Helen Schinske
Maureen said…
All the MS music at TOPS is paid for by fundraising and fees (the "electives" money all goes to studio art by design-the school isn't big enough to offer more than art and PE in addition to core classes--scheduling would be impossible.) I'm not sure how Salmon Bay and Jane Addams do it. If all of the MSs are getting extra money for music even if there aren't enough kids to make it cost effective then K-8s should get a share as well. Otherwise adding music to those MSs will have to come at the expense of some other elective--has that been made clear?
"...only two neighborhood high schools to get all of the resources"

Wait a minute. Garfield and Roosevelt may get marginally more money because of the size of their music program BUT those programs run mostly on booster money. The district doesn't give any music program a huge amount of money.

I had advocated for an audition rule for the NSAP because of the power of decades of excellence for Garfield and Roosevelt and how difficult it would be to duplicate for other high schools (at least for now). I also think there should have been something for the Biotech Academy at Ballard. But it didn't happen.

The district has now created a true magnet school in STEM at Cleveland. So it wouldn't seem to be weird to ask for some other kind magnet school like a music magnet. (I doubt it would happen but STEM is now an example.)
Anonymous said…
Right Helen. Melissa has argued for the changes to NSAP. I think it's more like sports. You get what you get at your assigned school. That's it. And, that's great. I think all schools should have some orchestra, instead of, a few schools have really super ones. The problem with an audition at 1 great school (as proposed) is that it weakens all the other programs. And none of them are really professional development, nor should that be the goal.

I like the fact that predictable feeder patterns can be developed. And that is made possible by the NSAP. You could even imagine a system where younger feeder students were allowed early access to the high school orchestra to fill out seats. Maybe they've got that now.

Former Musician
Anonymous said…
The STEM thing is completely different. STEM was created to get rid of a school nobody wanted around, by changing the student makeup of the school. Rather, by making it an very unlikely option for MORE undesirable students. Where did these would be Clevelanders go? Is there ANOTHER school whose students the district wishes to rid itself of? I doubt it. I doubt that it would even be possible to swap of another high school for another Magnet. And I doubt anybody would select an "Orchestra" magnet, or even a "Music" magnet, or even an "Arts" magnet. Are you thinking the district co-house with an existing, below capacity school? Something like Ranier Beach + "Arts" Magnet, or Ingraham + "Arts". That would never fly. Who would go?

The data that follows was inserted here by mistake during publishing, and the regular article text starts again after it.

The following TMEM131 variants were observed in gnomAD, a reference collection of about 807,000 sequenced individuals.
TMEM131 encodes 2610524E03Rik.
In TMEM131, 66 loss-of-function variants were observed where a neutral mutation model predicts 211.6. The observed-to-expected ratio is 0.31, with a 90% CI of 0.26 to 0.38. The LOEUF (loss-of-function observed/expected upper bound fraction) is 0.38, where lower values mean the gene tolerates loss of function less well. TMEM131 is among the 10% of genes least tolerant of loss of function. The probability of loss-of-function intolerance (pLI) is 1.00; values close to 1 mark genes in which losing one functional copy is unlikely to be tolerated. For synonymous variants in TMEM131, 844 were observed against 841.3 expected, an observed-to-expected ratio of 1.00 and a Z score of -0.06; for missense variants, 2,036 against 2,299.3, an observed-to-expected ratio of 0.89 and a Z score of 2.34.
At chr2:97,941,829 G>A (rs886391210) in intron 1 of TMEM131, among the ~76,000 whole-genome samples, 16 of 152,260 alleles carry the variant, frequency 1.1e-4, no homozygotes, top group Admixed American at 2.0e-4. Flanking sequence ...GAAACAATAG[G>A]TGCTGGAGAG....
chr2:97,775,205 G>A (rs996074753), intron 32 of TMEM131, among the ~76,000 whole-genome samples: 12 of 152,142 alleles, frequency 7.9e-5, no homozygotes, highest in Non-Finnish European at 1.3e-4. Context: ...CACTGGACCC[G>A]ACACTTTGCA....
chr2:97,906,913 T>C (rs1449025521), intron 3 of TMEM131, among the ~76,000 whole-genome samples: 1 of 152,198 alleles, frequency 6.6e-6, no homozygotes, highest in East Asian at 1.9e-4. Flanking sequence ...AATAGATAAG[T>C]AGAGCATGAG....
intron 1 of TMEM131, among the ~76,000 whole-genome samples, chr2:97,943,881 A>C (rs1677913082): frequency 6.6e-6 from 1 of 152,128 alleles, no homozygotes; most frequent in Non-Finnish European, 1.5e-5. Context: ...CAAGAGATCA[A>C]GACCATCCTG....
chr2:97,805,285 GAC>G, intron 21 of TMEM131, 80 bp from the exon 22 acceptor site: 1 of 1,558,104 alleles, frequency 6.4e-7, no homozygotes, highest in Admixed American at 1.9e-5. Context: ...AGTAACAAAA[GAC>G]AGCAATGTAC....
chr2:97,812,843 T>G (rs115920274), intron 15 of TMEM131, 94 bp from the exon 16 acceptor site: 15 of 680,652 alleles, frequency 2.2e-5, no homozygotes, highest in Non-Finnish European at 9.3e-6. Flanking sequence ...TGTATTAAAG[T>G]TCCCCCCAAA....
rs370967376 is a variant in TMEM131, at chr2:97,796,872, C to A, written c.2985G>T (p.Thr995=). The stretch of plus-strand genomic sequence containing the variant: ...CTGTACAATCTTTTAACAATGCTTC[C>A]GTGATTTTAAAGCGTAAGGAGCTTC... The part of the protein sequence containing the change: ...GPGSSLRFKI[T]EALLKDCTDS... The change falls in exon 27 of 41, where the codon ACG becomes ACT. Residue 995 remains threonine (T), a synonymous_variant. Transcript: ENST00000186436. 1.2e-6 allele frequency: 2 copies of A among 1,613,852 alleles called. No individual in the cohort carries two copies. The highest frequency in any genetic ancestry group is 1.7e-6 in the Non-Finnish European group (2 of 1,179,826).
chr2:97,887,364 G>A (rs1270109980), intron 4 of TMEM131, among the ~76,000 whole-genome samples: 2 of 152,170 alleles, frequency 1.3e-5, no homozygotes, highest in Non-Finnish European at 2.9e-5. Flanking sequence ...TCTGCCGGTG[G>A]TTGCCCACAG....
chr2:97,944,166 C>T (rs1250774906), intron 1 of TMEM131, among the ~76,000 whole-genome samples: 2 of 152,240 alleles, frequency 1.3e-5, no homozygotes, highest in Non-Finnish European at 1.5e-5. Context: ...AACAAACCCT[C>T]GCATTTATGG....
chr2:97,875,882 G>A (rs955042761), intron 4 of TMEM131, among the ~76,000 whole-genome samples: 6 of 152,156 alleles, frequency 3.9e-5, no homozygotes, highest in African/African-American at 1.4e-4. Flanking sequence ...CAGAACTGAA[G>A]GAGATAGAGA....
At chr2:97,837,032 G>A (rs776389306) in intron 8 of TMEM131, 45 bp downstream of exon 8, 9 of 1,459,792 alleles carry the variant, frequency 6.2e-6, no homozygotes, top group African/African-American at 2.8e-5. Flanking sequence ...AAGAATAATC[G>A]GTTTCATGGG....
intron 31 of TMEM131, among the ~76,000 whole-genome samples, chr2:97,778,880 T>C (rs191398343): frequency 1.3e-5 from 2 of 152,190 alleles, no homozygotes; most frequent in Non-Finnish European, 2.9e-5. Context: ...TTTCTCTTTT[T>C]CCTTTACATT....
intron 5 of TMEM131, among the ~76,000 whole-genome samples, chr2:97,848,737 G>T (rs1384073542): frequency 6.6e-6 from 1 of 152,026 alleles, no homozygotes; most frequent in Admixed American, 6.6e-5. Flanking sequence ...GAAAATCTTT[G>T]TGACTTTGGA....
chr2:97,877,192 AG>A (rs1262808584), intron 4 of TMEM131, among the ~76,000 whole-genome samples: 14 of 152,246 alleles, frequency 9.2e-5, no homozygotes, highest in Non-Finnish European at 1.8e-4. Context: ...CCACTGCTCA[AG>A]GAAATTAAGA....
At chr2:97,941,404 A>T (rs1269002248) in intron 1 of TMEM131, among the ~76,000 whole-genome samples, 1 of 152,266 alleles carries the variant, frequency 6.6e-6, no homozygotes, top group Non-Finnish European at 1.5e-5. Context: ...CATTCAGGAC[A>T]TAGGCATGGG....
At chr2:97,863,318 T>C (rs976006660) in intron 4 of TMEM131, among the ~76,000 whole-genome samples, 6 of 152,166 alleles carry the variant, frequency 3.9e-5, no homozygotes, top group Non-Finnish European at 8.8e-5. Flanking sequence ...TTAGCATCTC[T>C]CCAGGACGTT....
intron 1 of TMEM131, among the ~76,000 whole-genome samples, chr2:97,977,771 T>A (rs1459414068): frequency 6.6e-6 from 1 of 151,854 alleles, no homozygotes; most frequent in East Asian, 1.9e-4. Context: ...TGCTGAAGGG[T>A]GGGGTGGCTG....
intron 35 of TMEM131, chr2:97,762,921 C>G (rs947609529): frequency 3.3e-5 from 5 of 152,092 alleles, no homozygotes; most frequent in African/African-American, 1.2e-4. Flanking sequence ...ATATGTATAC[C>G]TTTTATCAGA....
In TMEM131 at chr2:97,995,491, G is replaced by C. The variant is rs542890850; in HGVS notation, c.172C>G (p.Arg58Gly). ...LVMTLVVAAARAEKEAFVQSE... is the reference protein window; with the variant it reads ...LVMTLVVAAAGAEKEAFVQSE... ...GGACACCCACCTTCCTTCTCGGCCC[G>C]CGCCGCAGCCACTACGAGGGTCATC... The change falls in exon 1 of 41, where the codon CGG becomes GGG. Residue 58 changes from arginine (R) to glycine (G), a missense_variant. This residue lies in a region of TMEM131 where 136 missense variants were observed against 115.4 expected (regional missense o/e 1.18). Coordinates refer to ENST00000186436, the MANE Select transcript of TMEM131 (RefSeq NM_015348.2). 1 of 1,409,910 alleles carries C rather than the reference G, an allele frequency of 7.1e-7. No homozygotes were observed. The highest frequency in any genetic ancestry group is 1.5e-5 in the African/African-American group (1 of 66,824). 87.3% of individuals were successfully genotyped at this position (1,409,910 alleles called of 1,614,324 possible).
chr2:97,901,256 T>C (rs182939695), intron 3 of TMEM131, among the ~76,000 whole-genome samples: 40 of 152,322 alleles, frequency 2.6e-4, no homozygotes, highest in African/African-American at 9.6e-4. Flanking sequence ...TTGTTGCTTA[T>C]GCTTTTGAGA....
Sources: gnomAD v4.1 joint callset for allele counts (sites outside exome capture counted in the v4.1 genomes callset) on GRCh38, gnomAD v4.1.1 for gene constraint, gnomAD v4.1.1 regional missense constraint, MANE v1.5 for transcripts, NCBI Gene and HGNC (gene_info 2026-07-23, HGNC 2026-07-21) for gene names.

Besides, the jury's still out on the STEM magnet.

Former Musician
I can only say that yes, the goal is access to some kind of music program at every school (instrumental and choral). That some schools have worked to have great programs is what happens sometimes (just as some schools become great athletic powerhouses).

That said, I do know that being in the Garfield or Roosevelt music program (especially the upper level jazz and orchestra programs) can help you if you intend to apply for a university music program or scholarship. It can have advantages to live near a good program your child wants to be in. Maybe that is the difficult side of neighborhood assignments for everyone else.
Anonymous said…
I like the predicatability of the feeder school program. I remember losing several talented musicians after 5th grade to middle schools that would "feed" into Garfield. There are plenty of families that would make that choice if it was there. Garfield is a powerhouse, and they have worked hard for it, but by attracting the some of the most talented musicians district-wide. This has no doubt weakened some of the other programs. That said, I feel the district should not allow a default music magnet school to continue anymore, unless they were to disband the whole neighborhood schools concept for everyone (not just musicians). The best way to strengthen our neighborhood high school (and middle school) programs is to allow the student to progress through the years together. The music programs I have worked with in West Seattle (Madison MS and Chief Sealth HS) have momentum and are getting stronger. They have a strong base and the families work hard supporting them through booster groups and fundraising. It does not happen overnight, but it can happen. I have also heard good things about the music program at Denny MS and have seen that West Seattle HS has improved over the past few years as well. I believe these programs will thrive over the next decade.
keith said…
Dear all,